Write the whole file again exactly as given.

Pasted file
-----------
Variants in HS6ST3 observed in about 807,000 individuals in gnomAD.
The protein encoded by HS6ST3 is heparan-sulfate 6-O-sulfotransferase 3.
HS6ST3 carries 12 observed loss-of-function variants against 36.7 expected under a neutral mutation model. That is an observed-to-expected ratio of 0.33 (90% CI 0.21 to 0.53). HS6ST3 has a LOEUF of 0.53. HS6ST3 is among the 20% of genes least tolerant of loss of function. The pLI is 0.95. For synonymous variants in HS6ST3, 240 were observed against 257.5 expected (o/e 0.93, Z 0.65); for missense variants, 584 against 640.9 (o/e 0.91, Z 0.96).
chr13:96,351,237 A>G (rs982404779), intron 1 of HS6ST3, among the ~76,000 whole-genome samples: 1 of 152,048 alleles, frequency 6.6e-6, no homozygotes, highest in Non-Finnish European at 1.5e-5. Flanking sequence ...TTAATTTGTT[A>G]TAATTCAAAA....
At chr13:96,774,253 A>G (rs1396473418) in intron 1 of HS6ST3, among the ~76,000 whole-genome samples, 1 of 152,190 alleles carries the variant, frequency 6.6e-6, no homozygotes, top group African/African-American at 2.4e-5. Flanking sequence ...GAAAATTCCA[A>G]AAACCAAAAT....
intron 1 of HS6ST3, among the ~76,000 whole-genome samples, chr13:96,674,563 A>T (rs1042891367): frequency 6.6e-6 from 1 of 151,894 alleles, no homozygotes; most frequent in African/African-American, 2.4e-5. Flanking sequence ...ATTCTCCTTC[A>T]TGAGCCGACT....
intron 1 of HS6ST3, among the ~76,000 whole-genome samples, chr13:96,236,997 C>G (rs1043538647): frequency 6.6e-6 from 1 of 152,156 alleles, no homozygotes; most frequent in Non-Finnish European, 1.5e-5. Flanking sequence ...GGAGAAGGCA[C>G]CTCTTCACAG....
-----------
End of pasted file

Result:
Variants in HS6ST3 observed in about 807,000 individuals in gnomAD.
The protein encoded by HS6ST3 is heparan-sulfate 6-O-sulfotransferase 3.
HS6ST3 carries 12 observed loss-of-function variants against 36.7 expected under a neutral mutation model. That is an observed-to-expected ratio of 0.33 (90% CI 0.21 to 0.53). HS6ST3 has a LOEUF of 0.53. HS6ST3 is among the 20% of genes least tolerant of loss of function. The pLI is 0.95. For synonymous variants in HS6ST3, 240 were observed against 257.5 expected (o/e 0.93, Z 0.65); for missense variants, 584 against 640.9 (o/e 0.91, Z 0.96).
chr13:96,351,237 A>G (rs982404779), intron 1 of HS6ST3, among the ~76,000 whole-genome samples: 1 of 152,048 alleles, frequency 6.6e-6, no homozygotes, highest in Non-Finnish European at 1.5e-5. Flanking sequence ...TTAATTTGTT[A>G]TAATTCAAAA....
At chr13:96,774,253 A>G (rs1396473418) in intron 1 of HS6ST3, among the ~76,000 whole-genome samples, 1 of 152,190 alleles carries the variant, frequency 6.6e-6, no homozygotes, top group African/African-American at 2.4e-5. Flanking sequence ...GAAAATTCCA[A>G]AAACCAAAAT....
intron 1 of HS6ST3, among the ~76,000 whole-genome samples, chr13:96,674,563 A>T (rs1042891367): frequency 6.6e-6 from 1 of 151,894 alleles, no homozygotes; most frequent in African/African-American, 2.4e-5. Flanking sequence ...ATTCTCCTTC[A>T]TGAGCCGACT....
intron 1 of HS6ST3, among the ~76,000 whole-genome samples, chr13:96,236,997 C>G (rs1043538647): frequency 6.6e-6 from 1 of 152,156 alleles, no homozygotes; most frequent in Non-Finnish European, 1.5e-5. Flanking sequence ...GGAGAAGGCA[C>G]CTCTTCACAG....